With the enactment of the Federal Adam Walsh Child Safety and Protection Act of 2006, the Consortium’s members became interested in the provisions calling for registration of sex offenders in Title I of the Act, the Sex Offender Registration and Notification Act (SORNA). The deadline for Tribes to substantially implement the bill was July 27, 2011. With assistance from American University and BJA, the Consortium sponsored two Regional Meetings in the summer of 2010 at the Pueblo of San Ildefonso and in Albuquerque. More than 160 individuals attended and learned more about the cross-jurisdictional issues arising from the differing SORNA codes used by the State of New Mexico and the various Tribes and Pueblos. They wanted to ensure that the Courts and law enforcement know how to handle these cases properly.

In 2011 and with the assistance of American University and BJA, the Consortium began to work on the issue of the Rights of Incarcerated Parents of Indian Children. Two Regional Meetings were conducted at Jemez and Laguna Pueblos during the summer. After a basic review of parents’ rights as set forth in the Federal Indian Child Welfare Act (ICWA), representatives of the State Children, Youth and Families Department, and the State Corrections Department provided information about their policies and procedures regarding visitation between parents in prison and their children, who were often removed from the family and placed with non-Tribal families, often never reunited with their birth parents. The idea of a Family or Tribal Impact Statement was developed for consideration by the Criminal Courts when handling this type of case.

The Consortium has co-sponsored other training events in the past few years, including the Tribal-State Judicial Symposium in September 2009 in conjunction with the National Tribal Judicial Center (part of the National Judicial College) focusing on cross-jurisdictional issues of states in the Four Corners area. In May 2010, the Consortium worked with the Southwest Meth & Pharmaceutical Initiative to provide training on drugs and drug trafficking on the reservation. Later in November of 2010, the Consortium worked with the National Center for State Courts on co-sponsoring the Southwest Regional State-Tribal Forum on Extending Project Passport, focusing again on cross-jurisdictional issues. Finally, in May 2012 the Consortium co-sponsored training on certain aspects of the ICWA in training called “Cultural Matters: Best Practices in Indian Child Welfare Cases.” Speakers focused on cultural/historical trauma, notice, placement preferences, and the qualified expert witness.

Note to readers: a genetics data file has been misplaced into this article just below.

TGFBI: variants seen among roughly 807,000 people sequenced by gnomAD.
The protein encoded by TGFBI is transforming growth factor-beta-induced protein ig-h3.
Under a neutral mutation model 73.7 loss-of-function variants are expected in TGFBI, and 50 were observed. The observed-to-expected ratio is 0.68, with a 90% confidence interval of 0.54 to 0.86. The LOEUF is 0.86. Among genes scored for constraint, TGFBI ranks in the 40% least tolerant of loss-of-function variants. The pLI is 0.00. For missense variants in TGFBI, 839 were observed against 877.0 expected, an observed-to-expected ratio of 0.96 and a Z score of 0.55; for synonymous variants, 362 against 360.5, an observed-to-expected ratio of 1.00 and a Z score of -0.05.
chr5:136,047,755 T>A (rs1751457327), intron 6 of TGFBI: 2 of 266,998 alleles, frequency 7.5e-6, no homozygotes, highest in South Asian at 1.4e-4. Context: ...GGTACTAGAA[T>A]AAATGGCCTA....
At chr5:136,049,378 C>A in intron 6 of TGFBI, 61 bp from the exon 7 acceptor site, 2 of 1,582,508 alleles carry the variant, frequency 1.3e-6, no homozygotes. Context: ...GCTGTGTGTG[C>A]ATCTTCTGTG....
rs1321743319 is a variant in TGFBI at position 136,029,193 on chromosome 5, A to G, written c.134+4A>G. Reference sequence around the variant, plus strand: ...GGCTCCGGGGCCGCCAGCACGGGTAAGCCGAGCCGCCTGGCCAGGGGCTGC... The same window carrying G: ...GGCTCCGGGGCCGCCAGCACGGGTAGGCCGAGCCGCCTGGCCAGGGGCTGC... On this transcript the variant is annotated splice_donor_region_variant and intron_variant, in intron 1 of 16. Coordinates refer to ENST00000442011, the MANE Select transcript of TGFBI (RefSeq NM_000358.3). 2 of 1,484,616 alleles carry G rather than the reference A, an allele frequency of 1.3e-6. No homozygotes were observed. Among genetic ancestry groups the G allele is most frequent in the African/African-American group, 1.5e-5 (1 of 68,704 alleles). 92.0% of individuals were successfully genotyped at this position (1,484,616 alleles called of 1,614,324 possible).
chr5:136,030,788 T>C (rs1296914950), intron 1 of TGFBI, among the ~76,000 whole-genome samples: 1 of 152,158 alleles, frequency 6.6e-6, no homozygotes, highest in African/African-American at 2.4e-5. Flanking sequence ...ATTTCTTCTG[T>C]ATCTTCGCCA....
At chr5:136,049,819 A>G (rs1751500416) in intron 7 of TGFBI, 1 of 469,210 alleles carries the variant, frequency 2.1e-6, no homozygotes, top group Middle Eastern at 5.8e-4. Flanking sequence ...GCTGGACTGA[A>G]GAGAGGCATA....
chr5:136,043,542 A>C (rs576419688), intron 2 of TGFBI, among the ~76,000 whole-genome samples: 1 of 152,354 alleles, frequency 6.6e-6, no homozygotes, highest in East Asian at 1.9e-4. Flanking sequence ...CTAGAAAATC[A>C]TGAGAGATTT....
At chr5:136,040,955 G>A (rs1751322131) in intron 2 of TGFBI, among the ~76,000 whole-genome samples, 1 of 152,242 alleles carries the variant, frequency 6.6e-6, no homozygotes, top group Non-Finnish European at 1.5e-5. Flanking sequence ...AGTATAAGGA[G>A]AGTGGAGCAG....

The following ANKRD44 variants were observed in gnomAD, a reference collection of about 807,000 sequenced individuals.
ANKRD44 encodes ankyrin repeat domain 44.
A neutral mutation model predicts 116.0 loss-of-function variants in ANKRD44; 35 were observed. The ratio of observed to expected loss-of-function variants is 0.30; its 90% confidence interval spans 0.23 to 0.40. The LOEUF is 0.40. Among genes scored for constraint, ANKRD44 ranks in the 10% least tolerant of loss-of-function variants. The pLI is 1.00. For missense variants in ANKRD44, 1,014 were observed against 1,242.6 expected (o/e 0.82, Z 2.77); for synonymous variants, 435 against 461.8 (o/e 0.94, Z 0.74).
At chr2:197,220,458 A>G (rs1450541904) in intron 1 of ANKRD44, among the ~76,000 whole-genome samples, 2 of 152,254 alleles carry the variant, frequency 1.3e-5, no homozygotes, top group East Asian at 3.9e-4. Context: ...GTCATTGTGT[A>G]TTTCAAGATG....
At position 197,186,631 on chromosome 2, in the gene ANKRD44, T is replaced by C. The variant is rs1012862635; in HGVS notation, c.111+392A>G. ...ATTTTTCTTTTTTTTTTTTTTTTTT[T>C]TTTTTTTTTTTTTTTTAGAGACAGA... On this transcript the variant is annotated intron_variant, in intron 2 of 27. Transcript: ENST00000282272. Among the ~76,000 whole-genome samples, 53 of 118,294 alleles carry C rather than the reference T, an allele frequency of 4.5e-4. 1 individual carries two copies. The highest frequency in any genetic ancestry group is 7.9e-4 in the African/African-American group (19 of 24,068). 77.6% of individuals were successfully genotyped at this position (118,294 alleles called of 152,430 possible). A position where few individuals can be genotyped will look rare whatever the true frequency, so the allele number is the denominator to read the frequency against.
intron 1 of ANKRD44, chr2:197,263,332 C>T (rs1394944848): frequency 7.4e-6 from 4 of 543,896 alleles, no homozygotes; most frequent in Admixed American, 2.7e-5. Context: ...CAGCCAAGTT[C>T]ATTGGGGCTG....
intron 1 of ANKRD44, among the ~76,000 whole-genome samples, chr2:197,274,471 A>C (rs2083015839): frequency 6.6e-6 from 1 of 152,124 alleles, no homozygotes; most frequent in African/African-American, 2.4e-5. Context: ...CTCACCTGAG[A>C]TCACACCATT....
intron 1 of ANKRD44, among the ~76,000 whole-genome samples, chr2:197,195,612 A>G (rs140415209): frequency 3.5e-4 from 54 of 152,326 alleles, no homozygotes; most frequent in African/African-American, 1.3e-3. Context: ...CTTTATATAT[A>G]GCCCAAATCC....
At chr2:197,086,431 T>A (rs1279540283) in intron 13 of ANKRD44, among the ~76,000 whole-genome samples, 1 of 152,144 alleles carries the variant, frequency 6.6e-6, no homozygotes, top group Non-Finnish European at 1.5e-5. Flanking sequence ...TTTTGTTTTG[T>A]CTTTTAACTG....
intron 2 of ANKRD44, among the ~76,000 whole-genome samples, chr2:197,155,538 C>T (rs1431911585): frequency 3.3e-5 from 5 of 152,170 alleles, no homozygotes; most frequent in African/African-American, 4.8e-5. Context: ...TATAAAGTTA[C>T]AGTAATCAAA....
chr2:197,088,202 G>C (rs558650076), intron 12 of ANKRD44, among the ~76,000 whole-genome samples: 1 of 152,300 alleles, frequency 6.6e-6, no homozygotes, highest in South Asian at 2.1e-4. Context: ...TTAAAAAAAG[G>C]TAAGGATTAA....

Finally, the Consortium assists Tribal Judges in obtaining training through the provision of Tribal Scholarships to participate in annual State Court training events. The scholarships have been provided from 2007 through 2012 to sponsor an average of fifteen of the Tribal Courts to attend the Judicial Conclave. In addition, another six or seven Tribal Judges have attended basic training provided by the National Judicial College at the annual Magistrate Judges Professional Development Conference since 2009. These may offer the only opportunity for State Courts to begin relationships with Tribal Courts in their area of the State and have proven to help educate State Judges on the growing Tribal system of criminal justice, while providing additional professional skills for the Tribal Courts.

Since the summer of 2012, the Consortium has turned its attention to new work on ICWA, including the development of a judicial bench card and best practices bulletin on notice and jurisdictional issues. Further work may include creation of a judicial bench book and clarification on the implementation of the placement preferences.

Additional attention is being focused on the implementation of Full Faith and Credit among the Tribal and State Courts. How frequently do the Courts recognize each other’s orders? Is there a need for new training on the issue? 

And finally, the Consortium wanted to improve the communications between Tribal and State Courts and decided to upgrade its website. We welcome your feedback on this site and hope you find it be useful.​